It is starting to feel a little like a road trip now, and I suspect over the next two days that will become even more true. I spent Thursday and Friday in Blacksburg, VA visiting with family. I had hoped to get more pictures, but the rain pretty much put the kibosh on that.

I stayed with my Aunt Sue, as I always do when I'm in Blacksburg. As usual, she kick my butt in Hell (called "Nerts", "Pounce", "Racing Demon" by anyone outside our family). We watched a bunch of bad tv shows, and generally complained about the crappy weather; but I enjoyed my visit with her.

I also visited with my Aunt Betty and Uncle Larry. Betty and I spent an afternoon going through old family photographs, and I got a bunch of the old family photo's I'd scanned onto Flickr labeled with names.

For the record: Several people have informed me that driving from Blacksburg to Richmond is the exact opposite direction of the way I want to be going. I assure you that I am not directionally challenged, and indeed was aware of this. It turns out that schedule-wise this worked better. The people I was visiting in Blacksburg are all retired, and hence are free during the week; however ALL of the people I am visiting in Richmond have jobs, and hence are more available on weekends. See, there is a method to my madness.

I did manage to get a few pictures of the Hokie turkeys around town on Thursday before the rain started. I'm having issues getting pictures taken with my new Nikon D200 to display correctly in browsers. From my limited research, it appears that the only browsers that correctly display JPG's with embedded color profiles are Safari and Opera for Macintosh. I've read some tips on how to work around this problem, but I've yet to get the solutions to work for me.... so during the meantime, if you can't view the pictures with one of those browsers, then they will look under-saturated or "washed out".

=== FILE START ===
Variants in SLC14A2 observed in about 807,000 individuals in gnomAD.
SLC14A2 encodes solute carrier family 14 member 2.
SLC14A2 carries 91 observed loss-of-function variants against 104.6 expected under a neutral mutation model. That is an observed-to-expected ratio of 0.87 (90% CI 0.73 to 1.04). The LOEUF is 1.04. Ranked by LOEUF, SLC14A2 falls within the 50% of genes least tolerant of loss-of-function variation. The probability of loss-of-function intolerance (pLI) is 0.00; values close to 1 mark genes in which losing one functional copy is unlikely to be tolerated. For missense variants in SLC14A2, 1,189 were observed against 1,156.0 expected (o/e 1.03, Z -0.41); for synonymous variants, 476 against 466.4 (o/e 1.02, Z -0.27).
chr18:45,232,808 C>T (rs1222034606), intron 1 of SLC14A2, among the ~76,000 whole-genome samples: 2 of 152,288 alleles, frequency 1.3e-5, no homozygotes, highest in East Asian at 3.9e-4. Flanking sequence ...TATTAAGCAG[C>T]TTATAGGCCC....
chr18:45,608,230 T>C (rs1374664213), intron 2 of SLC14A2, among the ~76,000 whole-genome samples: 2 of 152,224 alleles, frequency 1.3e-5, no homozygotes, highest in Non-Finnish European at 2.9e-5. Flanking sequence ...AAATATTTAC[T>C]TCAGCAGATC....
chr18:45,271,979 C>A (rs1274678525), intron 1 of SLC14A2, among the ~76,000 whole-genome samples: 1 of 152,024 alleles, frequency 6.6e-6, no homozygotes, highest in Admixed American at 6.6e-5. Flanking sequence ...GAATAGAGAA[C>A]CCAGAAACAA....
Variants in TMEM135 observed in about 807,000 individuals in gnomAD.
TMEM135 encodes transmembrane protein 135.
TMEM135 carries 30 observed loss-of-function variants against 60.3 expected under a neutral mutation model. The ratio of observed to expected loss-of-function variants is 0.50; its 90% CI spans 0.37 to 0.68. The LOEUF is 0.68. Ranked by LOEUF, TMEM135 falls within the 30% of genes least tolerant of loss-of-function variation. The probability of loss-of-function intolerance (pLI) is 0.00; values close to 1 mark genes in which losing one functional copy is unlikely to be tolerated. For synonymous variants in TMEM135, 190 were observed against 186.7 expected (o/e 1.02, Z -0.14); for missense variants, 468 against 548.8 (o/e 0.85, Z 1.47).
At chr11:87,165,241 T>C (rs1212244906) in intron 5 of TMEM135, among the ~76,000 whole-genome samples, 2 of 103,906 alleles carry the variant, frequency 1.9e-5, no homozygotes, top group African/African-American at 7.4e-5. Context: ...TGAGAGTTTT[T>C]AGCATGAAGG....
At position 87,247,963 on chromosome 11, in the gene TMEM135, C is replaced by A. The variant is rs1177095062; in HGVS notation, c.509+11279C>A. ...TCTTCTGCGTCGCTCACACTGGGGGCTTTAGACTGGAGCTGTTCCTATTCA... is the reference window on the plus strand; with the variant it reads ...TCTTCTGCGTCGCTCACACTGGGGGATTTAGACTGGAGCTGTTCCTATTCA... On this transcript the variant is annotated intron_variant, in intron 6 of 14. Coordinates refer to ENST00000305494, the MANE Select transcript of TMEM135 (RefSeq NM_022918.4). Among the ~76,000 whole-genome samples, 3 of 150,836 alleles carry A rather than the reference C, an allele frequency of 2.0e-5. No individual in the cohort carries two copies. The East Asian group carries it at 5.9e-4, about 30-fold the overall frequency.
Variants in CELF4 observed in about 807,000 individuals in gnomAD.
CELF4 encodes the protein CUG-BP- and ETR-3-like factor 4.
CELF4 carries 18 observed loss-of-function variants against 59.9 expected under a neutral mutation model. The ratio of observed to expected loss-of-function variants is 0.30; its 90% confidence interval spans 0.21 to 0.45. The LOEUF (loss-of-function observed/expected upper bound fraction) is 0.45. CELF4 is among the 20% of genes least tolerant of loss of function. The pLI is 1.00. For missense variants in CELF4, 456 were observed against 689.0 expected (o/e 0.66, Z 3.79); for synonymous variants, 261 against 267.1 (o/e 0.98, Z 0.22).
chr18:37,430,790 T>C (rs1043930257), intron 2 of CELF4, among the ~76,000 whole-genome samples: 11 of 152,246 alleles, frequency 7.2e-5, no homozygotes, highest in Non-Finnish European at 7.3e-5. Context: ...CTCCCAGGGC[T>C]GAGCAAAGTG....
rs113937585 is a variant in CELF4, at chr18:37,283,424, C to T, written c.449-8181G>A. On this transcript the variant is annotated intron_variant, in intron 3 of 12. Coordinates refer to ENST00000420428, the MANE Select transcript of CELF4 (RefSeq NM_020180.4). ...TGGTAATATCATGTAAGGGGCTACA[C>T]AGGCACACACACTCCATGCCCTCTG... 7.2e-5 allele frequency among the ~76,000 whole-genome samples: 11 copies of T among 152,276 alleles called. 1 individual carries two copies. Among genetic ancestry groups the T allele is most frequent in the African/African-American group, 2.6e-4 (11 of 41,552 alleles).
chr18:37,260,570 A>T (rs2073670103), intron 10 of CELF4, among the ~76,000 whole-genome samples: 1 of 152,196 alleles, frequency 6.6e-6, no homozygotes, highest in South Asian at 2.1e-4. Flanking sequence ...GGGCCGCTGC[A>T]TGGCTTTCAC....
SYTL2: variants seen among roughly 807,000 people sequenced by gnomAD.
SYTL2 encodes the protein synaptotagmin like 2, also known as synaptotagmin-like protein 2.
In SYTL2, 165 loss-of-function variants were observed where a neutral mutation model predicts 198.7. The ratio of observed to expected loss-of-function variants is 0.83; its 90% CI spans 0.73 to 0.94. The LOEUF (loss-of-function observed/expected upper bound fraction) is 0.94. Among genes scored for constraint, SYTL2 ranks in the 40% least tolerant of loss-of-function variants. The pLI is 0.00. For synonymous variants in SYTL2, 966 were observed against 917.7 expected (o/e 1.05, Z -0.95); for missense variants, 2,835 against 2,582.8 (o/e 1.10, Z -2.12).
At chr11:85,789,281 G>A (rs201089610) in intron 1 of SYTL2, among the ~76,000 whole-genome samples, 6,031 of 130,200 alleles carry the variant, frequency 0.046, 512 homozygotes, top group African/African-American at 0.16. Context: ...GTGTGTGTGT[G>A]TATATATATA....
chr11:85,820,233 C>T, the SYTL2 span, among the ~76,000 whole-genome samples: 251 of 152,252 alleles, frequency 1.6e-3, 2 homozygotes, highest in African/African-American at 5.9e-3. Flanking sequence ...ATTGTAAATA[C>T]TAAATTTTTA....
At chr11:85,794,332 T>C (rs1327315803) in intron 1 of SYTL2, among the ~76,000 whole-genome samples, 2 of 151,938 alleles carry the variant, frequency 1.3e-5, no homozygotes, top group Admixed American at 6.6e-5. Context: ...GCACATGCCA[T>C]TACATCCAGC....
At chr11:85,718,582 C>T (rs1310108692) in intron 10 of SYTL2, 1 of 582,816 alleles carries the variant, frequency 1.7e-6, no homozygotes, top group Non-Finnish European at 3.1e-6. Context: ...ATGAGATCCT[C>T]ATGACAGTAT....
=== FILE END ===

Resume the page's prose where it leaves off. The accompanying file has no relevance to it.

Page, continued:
Time flies, and Saturday was time for me to pull up stakes and head to Richmond. Along the way, I stopped in Roanoke to see my cousin Martha and her two daughters. I wish I'd allowed for more time for that visit. The girls are absolutely adorable. Mary Willa is starting to shake the shyness, and even went for a ride with me without Mom. Of course, with little sister Maggie, who is possibly the most extroverted child I've ever met, Mary Willa has to be less shy or she'd never get noticed! At a coffee shop, 3 1/2 year old Maggie went up to stranger's table and put her arm around him. She is good entertainment. I look forward to visiting with Martha and kids again soon.

I arrived in Richmond and had dinner with my cousin Richard, his wife Cindy, and son Stephen. Unfortunately no pictures of them, as my point and shoot battery was dead, and I wasn't going to haul around the D200 to dinner! It was nice catching up with them, since it has been quite a while since we've seen each other.